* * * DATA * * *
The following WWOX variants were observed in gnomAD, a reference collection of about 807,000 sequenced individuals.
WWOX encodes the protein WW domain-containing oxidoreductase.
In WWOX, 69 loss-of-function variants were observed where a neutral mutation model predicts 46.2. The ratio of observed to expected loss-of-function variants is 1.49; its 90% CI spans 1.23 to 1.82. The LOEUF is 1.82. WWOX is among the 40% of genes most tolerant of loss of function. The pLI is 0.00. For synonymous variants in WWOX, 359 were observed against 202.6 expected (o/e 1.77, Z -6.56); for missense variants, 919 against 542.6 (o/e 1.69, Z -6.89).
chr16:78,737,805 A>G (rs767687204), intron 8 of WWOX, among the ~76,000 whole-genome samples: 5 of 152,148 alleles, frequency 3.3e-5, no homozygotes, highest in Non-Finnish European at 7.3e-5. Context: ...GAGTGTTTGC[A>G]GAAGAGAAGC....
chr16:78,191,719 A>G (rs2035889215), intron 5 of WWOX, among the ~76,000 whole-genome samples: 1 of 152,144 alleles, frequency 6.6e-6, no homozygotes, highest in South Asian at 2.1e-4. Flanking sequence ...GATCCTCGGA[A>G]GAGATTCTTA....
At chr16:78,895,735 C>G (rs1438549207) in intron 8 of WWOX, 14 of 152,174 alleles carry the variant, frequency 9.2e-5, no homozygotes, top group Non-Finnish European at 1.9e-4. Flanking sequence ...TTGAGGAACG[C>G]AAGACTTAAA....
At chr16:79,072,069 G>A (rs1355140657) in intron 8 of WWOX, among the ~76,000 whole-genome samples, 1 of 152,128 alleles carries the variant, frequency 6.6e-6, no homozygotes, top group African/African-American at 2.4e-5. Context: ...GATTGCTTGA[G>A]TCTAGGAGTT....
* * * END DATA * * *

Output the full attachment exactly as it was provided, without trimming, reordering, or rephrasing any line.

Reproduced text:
The following WWOX variants were observed in gnomAD, a reference collection of about 807,000 sequenced individuals.
WWOX encodes the protein WW domain-containing oxidoreductase.
In WWOX, 69 loss-of-function variants were observed where a neutral mutation model predicts 46.2. The ratio of observed to expected loss-of-function variants is 1.49; its 90% CI spans 1.23 to 1.82. The LOEUF is 1.82. WWOX is among the 40% of genes most tolerant of loss of function. The pLI is 0.00. For synonymous variants in WWOX, 359 were observed against 202.6 expected (o/e 1.77, Z -6.56); for missense variants, 919 against 542.6 (o/e 1.69, Z -6.89).
chr16:78,737,805 A>G (rs767687204), intron 8 of WWOX, among the ~76,000 whole-genome samples: 5 of 152,148 alleles, frequency 3.3e-5, no homozygotes, highest in Non-Finnish European at 7.3e-5. Context: ...GAGTGTTTGC[A>G]GAAGAGAAGC....
chr16:78,191,719 A>G (rs2035889215), intron 5 of WWOX, among the ~76,000 whole-genome samples: 1 of 152,144 alleles, frequency 6.6e-6, no homozygotes, highest in South Asian at 2.1e-4. Flanking sequence ...GATCCTCGGA[A>G]GAGATTCTTA....
At chr16:78,895,735 C>G (rs1438549207) in intron 8 of WWOX, 14 of 152,174 alleles carry the variant, frequency 9.2e-5, no homozygotes, top group Non-Finnish European at 1.9e-4. Flanking sequence ...TTGAGGAACG[C>G]AAGACTTAAA....
At chr16:79,072,069 G>A (rs1355140657) in intron 8 of WWOX, among the ~76,000 whole-genome samples, 1 of 152,128 alleles carries the variant, frequency 6.6e-6, no homozygotes, top group African/African-American at 2.4e-5. Context: ...GATTGCTTGA[G>A]TCTAGGAGTT....